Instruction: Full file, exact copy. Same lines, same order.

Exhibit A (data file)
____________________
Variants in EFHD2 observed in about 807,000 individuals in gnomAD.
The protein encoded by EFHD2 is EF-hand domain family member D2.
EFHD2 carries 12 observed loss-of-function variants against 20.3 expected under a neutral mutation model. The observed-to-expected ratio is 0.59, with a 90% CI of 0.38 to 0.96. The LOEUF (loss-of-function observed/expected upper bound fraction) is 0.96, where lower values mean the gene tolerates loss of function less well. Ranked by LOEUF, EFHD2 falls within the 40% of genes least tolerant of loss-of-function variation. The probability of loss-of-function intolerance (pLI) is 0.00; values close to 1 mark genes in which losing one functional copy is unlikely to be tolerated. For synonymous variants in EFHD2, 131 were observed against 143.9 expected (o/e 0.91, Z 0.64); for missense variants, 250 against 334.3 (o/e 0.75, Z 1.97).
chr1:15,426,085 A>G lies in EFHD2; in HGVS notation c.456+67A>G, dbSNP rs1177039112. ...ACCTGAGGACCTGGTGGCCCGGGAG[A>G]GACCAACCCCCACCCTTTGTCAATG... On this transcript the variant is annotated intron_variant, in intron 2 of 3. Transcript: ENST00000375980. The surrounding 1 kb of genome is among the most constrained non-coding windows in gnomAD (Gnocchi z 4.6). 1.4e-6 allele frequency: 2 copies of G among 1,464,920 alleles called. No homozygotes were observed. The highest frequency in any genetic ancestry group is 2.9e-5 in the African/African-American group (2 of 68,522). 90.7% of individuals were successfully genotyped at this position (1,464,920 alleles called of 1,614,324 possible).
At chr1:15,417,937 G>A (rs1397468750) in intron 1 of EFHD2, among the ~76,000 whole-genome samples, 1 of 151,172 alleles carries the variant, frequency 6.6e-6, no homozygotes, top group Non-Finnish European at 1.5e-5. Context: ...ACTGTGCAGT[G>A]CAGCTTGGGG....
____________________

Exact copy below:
Variants in EFHD2 observed in about 807,000 individuals in gnomAD.
The protein encoded by EFHD2 is EF-hand domain family member D2.
EFHD2 carries 12 observed loss-of-function variants against 20.3 expected under a neutral mutation model. The observed-to-expected ratio is 0.59, with a 90% CI of 0.38 to 0.96. The LOEUF (loss-of-function observed/expected upper bound fraction) is 0.96, where lower values mean the gene tolerates loss of function less well. Ranked by LOEUF, EFHD2 falls within the 40% of genes least tolerant of loss-of-function variation. The probability of loss-of-function intolerance (pLI) is 0.00; values close to 1 mark genes in which losing one functional copy is unlikely to be tolerated. For synonymous variants in EFHD2, 131 were observed against 143.9 expected (o/e 0.91, Z 0.64); for missense variants, 250 against 334.3 (o/e 0.75, Z 1.97).
chr1:15,426,085 A>G lies in EFHD2; in HGVS notation c.456+67A>G, dbSNP rs1177039112. ...ACCTGAGGACCTGGTGGCCCGGGAG[A>G]GACCAACCCCCACCCTTTGTCAATG... On this transcript the variant is annotated intron_variant, in intron 2 of 3. Transcript: ENST00000375980. The surrounding 1 kb of genome is among the most constrained non-coding windows in gnomAD (Gnocchi z 4.6). 1.4e-6 allele frequency: 2 copies of G among 1,464,920 alleles called. No homozygotes were observed. The highest frequency in any genetic ancestry group is 2.9e-5 in the African/African-American group (2 of 68,522). 90.7% of individuals were successfully genotyped at this position (1,464,920 alleles called of 1,614,324 possible).
At chr1:15,417,937 G>A (rs1397468750) in intron 1 of EFHD2, among the ~76,000 whole-genome samples, 1 of 151,172 alleles carries the variant, frequency 6.6e-6, no homozygotes, top group Non-Finnish European at 1.5e-5. Context: ...ACTGTGCAGT[G>A]CAGCTTGGGG....